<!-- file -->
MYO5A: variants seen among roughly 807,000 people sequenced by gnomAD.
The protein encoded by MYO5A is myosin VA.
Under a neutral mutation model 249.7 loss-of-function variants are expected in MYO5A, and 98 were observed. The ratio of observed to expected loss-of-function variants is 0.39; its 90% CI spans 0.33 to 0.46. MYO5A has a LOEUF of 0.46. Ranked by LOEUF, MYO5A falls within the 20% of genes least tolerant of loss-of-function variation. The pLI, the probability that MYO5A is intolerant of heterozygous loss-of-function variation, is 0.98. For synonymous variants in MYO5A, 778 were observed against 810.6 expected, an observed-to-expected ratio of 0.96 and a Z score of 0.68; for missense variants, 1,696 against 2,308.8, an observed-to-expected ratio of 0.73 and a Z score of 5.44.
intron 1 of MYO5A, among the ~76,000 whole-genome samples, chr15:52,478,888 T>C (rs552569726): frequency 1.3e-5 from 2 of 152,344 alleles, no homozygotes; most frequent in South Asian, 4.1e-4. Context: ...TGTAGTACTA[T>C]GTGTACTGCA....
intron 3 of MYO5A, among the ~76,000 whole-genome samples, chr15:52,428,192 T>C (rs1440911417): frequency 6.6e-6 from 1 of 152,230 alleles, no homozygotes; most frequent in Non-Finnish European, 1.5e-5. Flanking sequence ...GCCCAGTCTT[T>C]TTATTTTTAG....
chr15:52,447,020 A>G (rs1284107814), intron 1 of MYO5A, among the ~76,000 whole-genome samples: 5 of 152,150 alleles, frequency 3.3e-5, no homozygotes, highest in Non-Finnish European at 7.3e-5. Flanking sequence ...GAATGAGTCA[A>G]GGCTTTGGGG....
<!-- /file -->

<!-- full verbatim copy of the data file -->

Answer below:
MYO5A: variants seen among roughly 807,000 people sequenced by gnomAD.
The protein encoded by MYO5A is myosin VA.
Under a neutral mutation model 249.7 loss-of-function variants are expected in MYO5A, and 98 were observed. The ratio of observed to expected loss-of-function variants is 0.39; its 90% CI spans 0.33 to 0.46. MYO5A has a LOEUF of 0.46. Ranked by LOEUF, MYO5A falls within the 20% of genes least tolerant of loss-of-function variation. The pLI, the probability that MYO5A is intolerant of heterozygous loss-of-function variation, is 0.98. For synonymous variants in MYO5A, 778 were observed against 810.6 expected, an observed-to-expected ratio of 0.96 and a Z score of 0.68; for missense variants, 1,696 against 2,308.8, an observed-to-expected ratio of 0.73 and a Z score of 5.44.
intron 1 of MYO5A, among the ~76,000 whole-genome samples, chr15:52,478,888 T>C (rs552569726): frequency 1.3e-5 from 2 of 152,344 alleles, no homozygotes; most frequent in South Asian, 4.1e-4. Context: ...TGTAGTACTA[T>C]GTGTACTGCA....
intron 3 of MYO5A, among the ~76,000 whole-genome samples, chr15:52,428,192 T>C (rs1440911417): frequency 6.6e-6 from 1 of 152,230 alleles, no homozygotes; most frequent in Non-Finnish European, 1.5e-5. Flanking sequence ...GCCCAGTCTT[T>C]TTATTTTTAG....
chr15:52,447,020 A>G (rs1284107814), intron 1 of MYO5A, among the ~76,000 whole-genome samples: 5 of 152,150 alleles, frequency 3.3e-5, no homozygotes, highest in Non-Finnish European at 7.3e-5. Flanking sequence ...GAATGAGTCA[A>G]GGCTTTGGGG....